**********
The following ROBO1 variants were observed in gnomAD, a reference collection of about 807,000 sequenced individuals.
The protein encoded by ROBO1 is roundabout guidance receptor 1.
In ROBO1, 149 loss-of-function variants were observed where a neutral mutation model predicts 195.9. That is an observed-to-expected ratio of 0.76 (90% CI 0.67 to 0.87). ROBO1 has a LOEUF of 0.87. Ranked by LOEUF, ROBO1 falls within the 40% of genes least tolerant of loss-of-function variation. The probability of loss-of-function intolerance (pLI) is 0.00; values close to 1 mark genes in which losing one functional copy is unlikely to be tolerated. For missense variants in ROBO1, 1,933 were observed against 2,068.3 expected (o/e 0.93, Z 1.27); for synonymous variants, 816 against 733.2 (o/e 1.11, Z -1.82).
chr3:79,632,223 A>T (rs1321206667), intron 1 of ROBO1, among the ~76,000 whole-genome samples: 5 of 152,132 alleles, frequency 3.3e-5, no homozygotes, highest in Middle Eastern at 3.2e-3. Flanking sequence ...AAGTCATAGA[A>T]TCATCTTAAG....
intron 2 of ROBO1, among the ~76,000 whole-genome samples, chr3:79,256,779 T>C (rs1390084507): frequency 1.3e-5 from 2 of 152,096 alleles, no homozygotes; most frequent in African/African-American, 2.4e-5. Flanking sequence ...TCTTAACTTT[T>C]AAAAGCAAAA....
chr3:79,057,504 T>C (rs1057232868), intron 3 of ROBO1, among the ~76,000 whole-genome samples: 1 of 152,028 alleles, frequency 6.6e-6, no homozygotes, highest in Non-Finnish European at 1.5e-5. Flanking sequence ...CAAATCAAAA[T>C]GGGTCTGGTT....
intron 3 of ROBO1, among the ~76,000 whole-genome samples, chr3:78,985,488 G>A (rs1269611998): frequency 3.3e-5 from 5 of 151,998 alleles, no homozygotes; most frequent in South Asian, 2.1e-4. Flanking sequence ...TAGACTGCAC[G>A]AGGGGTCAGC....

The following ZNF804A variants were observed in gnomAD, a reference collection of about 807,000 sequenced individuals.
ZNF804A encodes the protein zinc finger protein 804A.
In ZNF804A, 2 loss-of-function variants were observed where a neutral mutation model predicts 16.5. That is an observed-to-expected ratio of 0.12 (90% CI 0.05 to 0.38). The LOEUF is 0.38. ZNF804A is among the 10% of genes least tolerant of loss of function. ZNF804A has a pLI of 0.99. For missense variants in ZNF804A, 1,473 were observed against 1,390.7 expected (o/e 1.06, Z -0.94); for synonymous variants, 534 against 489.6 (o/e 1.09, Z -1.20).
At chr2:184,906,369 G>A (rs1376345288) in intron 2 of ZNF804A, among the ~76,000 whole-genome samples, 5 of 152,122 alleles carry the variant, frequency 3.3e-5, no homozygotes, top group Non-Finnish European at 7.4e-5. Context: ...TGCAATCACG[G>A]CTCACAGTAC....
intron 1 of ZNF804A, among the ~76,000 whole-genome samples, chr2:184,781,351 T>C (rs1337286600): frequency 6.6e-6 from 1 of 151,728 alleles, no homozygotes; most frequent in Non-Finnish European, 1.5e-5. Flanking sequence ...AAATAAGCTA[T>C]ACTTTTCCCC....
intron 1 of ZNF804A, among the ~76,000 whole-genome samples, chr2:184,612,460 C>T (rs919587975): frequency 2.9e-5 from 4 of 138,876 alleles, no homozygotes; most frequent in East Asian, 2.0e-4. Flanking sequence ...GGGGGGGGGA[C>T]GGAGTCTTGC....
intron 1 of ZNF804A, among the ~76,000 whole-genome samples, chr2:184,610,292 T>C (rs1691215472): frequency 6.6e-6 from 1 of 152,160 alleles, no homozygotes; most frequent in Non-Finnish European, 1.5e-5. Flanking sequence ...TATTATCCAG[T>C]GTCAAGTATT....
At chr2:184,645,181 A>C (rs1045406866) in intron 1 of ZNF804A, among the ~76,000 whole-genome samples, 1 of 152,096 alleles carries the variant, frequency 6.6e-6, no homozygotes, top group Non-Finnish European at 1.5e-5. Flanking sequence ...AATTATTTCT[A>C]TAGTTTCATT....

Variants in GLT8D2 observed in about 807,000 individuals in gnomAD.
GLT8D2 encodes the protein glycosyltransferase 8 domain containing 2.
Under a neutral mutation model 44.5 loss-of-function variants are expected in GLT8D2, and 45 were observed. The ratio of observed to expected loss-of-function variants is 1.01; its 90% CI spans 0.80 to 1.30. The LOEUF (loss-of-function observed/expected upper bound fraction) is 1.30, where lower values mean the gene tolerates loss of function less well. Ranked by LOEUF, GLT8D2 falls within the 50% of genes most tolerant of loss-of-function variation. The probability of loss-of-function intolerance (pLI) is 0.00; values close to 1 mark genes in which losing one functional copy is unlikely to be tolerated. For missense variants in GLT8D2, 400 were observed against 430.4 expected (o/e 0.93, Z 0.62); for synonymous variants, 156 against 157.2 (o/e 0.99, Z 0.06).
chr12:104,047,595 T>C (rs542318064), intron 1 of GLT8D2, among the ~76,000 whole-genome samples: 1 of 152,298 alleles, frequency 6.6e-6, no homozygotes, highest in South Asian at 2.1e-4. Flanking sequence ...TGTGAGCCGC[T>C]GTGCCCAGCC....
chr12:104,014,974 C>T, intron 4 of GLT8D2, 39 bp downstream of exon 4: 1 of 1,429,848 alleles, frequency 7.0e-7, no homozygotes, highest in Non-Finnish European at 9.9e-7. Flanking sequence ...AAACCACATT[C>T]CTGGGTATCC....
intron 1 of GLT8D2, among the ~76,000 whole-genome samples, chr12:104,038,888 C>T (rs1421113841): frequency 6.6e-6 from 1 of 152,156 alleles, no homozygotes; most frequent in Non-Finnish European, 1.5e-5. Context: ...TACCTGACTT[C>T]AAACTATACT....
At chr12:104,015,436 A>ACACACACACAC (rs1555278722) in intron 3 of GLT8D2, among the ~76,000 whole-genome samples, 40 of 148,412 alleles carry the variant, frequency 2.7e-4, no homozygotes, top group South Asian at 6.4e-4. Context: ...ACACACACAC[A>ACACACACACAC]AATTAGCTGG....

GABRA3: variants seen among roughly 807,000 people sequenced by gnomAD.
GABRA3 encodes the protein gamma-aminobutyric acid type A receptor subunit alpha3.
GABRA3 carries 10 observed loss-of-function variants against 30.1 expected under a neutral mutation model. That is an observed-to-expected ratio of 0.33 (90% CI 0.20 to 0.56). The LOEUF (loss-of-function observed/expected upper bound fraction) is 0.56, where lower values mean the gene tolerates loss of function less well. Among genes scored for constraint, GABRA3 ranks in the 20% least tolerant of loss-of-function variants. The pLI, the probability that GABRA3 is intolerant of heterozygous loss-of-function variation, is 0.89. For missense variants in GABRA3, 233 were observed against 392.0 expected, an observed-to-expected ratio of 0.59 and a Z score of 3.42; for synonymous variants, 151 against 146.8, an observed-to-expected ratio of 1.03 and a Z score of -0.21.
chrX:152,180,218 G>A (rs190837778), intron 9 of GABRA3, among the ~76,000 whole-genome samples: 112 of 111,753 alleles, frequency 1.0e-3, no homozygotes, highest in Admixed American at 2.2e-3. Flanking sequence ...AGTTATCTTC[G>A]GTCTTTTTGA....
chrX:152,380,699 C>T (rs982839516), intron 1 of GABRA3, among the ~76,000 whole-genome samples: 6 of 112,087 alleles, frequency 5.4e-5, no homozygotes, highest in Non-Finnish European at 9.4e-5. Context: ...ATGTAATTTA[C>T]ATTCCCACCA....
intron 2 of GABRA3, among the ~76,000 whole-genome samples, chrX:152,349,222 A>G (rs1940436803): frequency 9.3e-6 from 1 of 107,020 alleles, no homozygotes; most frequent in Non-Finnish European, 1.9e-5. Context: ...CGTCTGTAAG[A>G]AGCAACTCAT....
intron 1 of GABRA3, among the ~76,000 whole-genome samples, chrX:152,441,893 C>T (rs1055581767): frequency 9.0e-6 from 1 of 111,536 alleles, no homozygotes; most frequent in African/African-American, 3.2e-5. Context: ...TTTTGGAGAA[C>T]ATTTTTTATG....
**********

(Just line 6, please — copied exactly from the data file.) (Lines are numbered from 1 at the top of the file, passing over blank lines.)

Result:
chr3:79,057,504 T>C (rs1057232868), intron 3 of ROBO1, among the ~76,000 whole-genome samples: 1 of 152,028 alleles, frequency 6.6e-6, no homozygotes, highest in Non-Finnish European at 1.5e-5. Flanking sequence ...CAAATCAAAA[T>C]GGGTCTGGTT....